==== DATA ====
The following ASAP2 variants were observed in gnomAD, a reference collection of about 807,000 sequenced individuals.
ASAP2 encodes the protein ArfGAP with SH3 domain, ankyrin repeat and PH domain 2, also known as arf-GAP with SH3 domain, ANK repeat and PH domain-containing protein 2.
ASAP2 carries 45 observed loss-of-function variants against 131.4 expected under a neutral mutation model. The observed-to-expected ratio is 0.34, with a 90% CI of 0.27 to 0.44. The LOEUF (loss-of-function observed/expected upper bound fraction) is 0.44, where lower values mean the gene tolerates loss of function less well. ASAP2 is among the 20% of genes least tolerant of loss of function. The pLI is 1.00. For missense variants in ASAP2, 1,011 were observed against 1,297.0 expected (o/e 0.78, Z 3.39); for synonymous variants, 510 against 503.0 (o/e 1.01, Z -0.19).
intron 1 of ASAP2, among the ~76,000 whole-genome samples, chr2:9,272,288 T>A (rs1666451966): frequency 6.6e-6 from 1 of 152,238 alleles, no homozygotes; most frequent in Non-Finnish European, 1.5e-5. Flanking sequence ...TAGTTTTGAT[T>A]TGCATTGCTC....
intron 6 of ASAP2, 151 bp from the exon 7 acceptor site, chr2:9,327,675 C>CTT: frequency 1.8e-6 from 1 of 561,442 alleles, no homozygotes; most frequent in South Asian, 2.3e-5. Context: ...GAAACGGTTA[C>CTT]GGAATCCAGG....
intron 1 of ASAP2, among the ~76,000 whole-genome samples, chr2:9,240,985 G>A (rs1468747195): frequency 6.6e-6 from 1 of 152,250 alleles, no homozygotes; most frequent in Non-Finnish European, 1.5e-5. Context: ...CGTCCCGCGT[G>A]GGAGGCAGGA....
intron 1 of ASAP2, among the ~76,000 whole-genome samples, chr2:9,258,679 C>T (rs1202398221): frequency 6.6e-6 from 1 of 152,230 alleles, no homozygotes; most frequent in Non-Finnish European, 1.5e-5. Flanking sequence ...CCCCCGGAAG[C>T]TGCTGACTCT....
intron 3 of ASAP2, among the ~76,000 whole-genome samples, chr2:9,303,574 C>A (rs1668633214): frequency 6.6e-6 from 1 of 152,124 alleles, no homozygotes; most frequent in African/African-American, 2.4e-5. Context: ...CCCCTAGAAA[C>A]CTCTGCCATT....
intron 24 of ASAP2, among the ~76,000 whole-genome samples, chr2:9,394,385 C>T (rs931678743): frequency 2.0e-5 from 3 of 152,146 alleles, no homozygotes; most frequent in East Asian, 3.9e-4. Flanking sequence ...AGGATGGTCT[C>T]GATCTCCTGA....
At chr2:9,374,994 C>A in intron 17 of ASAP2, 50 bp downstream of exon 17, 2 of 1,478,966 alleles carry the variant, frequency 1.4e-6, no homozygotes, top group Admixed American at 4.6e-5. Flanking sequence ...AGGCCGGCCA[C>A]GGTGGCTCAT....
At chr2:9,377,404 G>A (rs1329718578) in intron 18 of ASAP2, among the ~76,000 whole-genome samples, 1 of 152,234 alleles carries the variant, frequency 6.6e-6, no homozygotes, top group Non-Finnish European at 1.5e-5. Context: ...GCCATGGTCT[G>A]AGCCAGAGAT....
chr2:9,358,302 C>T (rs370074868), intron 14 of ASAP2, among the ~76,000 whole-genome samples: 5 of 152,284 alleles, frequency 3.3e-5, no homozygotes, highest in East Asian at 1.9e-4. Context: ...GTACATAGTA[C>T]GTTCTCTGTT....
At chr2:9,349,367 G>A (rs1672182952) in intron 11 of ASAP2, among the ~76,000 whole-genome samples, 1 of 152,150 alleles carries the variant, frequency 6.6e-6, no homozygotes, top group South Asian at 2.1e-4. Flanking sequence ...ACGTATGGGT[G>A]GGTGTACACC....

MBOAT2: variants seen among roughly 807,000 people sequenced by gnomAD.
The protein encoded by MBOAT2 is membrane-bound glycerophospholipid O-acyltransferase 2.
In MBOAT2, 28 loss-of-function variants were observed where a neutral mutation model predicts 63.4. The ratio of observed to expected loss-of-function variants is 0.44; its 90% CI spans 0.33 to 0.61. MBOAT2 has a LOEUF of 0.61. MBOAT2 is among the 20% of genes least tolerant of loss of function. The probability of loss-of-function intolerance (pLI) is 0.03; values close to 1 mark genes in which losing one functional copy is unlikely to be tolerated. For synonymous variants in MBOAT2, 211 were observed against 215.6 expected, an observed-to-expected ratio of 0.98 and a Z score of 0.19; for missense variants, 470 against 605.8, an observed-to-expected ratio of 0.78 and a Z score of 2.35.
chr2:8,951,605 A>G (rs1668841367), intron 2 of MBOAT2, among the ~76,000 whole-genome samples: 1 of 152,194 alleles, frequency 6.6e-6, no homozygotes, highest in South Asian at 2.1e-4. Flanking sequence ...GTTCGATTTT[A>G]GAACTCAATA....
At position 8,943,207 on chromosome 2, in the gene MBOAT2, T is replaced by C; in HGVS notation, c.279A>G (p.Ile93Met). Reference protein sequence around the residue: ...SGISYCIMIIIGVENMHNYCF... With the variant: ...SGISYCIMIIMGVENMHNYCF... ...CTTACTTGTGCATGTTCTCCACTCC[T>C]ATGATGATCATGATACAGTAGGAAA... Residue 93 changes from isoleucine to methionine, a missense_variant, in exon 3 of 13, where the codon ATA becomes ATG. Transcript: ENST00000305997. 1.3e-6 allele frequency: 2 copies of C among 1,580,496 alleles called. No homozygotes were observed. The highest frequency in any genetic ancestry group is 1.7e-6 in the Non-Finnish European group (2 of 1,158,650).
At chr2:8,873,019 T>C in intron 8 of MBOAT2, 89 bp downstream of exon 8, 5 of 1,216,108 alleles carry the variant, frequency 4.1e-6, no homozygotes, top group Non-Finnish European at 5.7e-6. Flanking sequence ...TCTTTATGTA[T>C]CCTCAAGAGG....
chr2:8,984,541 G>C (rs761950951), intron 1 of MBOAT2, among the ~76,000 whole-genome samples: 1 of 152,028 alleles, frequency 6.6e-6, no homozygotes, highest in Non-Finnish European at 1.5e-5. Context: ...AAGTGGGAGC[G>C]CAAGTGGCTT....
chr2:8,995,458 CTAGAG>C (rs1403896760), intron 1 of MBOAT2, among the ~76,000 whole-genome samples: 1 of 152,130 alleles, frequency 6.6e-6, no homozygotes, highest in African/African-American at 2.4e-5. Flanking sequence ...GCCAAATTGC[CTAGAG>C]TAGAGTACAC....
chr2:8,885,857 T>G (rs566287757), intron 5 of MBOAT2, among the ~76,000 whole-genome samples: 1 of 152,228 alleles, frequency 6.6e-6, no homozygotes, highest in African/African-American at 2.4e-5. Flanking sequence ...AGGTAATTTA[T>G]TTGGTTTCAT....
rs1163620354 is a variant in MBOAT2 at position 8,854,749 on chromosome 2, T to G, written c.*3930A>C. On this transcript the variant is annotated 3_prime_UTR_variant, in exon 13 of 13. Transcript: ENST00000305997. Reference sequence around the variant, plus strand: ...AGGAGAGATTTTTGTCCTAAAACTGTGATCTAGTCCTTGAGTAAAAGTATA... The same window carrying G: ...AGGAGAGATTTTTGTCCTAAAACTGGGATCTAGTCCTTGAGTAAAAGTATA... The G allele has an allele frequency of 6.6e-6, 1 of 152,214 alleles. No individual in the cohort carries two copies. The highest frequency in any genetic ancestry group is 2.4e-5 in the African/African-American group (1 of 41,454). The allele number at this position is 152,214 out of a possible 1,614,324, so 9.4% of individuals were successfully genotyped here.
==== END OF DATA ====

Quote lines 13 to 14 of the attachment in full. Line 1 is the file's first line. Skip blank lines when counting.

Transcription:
At chr2:9,349,367 G>A (rs1672182952) in intron 11 of ASAP2, among the ~76,000 whole-genome samples, 1 of 152,150 alleles carries the variant, frequency 6.6e-6, no homozygotes, top group South Asian at 2.1e-4. Flanking sequence ...ACGTATGGGT[G>A]GGTGTACACC....

MBOAT2: variants seen among roughly 807,000 people sequenced by gnomAD.